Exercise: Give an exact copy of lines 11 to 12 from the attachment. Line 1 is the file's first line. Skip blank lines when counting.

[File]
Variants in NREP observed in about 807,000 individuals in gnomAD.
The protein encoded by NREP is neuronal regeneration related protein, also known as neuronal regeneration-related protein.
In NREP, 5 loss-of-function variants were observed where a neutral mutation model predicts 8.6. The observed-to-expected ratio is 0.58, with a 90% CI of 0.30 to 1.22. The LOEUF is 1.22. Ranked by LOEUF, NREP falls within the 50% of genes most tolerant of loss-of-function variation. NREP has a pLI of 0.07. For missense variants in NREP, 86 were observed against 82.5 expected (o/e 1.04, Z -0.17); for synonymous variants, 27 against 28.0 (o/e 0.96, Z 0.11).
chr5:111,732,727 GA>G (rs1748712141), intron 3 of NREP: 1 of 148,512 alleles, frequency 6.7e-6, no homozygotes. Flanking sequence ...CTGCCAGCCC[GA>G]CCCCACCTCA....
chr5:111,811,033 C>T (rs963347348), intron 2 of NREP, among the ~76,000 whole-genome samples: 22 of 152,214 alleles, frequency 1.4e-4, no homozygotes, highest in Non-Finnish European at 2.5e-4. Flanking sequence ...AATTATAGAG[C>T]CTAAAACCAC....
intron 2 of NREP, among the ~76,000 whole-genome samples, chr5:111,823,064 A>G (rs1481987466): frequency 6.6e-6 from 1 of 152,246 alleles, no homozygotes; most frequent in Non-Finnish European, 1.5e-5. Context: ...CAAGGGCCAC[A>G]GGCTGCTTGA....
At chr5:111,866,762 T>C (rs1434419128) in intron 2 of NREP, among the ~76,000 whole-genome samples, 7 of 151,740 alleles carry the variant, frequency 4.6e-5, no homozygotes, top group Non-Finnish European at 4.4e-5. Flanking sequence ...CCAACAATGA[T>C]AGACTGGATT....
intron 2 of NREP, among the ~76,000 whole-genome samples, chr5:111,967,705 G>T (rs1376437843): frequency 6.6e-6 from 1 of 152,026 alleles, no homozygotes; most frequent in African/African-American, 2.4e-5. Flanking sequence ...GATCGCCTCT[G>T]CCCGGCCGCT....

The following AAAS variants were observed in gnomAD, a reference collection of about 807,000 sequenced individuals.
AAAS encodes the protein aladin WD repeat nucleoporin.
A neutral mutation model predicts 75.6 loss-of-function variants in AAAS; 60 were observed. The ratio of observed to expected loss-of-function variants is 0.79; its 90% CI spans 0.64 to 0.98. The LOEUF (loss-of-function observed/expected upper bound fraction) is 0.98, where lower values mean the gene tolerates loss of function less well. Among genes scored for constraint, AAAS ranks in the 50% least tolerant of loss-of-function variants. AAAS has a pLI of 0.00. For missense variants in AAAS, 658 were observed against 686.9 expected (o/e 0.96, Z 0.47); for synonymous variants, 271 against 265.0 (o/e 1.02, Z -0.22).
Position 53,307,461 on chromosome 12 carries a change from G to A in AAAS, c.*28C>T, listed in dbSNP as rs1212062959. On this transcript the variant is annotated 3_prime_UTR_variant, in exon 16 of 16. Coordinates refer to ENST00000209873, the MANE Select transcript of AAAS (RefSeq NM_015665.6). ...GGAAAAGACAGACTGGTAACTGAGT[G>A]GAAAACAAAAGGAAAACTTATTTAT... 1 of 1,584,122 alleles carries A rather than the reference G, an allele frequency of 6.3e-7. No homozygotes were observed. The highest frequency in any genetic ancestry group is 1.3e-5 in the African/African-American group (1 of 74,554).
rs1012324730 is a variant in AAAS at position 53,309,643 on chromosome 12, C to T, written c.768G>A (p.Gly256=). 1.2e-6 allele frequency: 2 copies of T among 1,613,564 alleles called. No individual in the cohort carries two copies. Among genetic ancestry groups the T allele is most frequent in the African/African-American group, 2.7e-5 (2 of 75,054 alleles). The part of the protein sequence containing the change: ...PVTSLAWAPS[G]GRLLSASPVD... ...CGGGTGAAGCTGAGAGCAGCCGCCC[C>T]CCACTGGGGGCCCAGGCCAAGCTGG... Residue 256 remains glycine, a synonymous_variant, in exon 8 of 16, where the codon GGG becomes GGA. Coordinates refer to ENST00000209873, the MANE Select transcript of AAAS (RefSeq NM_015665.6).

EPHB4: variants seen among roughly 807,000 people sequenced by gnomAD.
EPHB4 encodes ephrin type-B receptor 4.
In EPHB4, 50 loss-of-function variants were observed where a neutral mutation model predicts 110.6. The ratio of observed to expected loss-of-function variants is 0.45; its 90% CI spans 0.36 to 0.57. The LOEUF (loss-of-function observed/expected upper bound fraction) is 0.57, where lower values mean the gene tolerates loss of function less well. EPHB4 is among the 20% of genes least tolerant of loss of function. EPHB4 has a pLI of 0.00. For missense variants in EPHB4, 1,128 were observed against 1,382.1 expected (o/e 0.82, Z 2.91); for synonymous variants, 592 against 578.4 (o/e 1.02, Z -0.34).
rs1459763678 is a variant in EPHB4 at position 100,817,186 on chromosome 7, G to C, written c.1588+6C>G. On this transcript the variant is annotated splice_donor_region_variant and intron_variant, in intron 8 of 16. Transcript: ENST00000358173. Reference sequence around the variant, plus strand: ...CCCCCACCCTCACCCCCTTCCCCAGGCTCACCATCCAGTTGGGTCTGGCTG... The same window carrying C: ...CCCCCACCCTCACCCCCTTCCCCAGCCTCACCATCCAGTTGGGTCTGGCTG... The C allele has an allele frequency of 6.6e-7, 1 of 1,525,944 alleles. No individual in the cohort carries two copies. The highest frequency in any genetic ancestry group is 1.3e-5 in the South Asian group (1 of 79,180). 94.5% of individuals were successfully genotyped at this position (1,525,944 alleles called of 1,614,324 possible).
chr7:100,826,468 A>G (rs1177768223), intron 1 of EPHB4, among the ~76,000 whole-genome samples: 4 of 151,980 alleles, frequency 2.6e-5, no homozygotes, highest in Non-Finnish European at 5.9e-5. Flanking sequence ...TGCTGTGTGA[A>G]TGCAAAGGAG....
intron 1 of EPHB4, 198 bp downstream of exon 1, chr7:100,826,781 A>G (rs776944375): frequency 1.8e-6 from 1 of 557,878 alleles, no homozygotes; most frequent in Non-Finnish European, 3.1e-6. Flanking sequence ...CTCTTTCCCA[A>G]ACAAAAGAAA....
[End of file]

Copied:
A neutral mutation model predicts 75.6 loss-of-function variants in AAAS; 60 were observed. The ratio of observed to expected loss-of-function variants is 0.79; its 90% CI spans 0.64 to 0.98. The LOEUF (loss-of-function observed/expected upper bound fraction) is 0.98, where lower values mean the gene tolerates loss of function less well. Among genes scored for constraint, AAAS ranks in the 50% least tolerant of loss-of-function variants. AAAS has a pLI of 0.00. For missense variants in AAAS, 658 were observed against 686.9 expected (o/e 0.96, Z 0.47); for synonymous variants, 271 against 265.0 (o/e 1.02, Z -0.22).
Position 53,307,461 on chromosome 12 carries a change from G to A in AAAS, c.*28C>T, listed in dbSNP as rs1212062959. On this transcript the variant is annotated 3_prime_UTR_variant, in exon 16 of 16. Coordinates refer to ENST00000209873, the MANE Select transcript of AAAS (RefSeq NM_015665.6). ...GGAAAAGACAGACTGGTAACTGAGT[G>A]GAAAACAAAAGGAAAACTTATTTAT... 1 of 1,584,122 alleles carries A rather than the reference G, an allele frequency of 6.3e-7. No homozygotes were observed. The highest frequency in any genetic ancestry group is 1.3e-5 in the African/African-American group (1 of 74,554).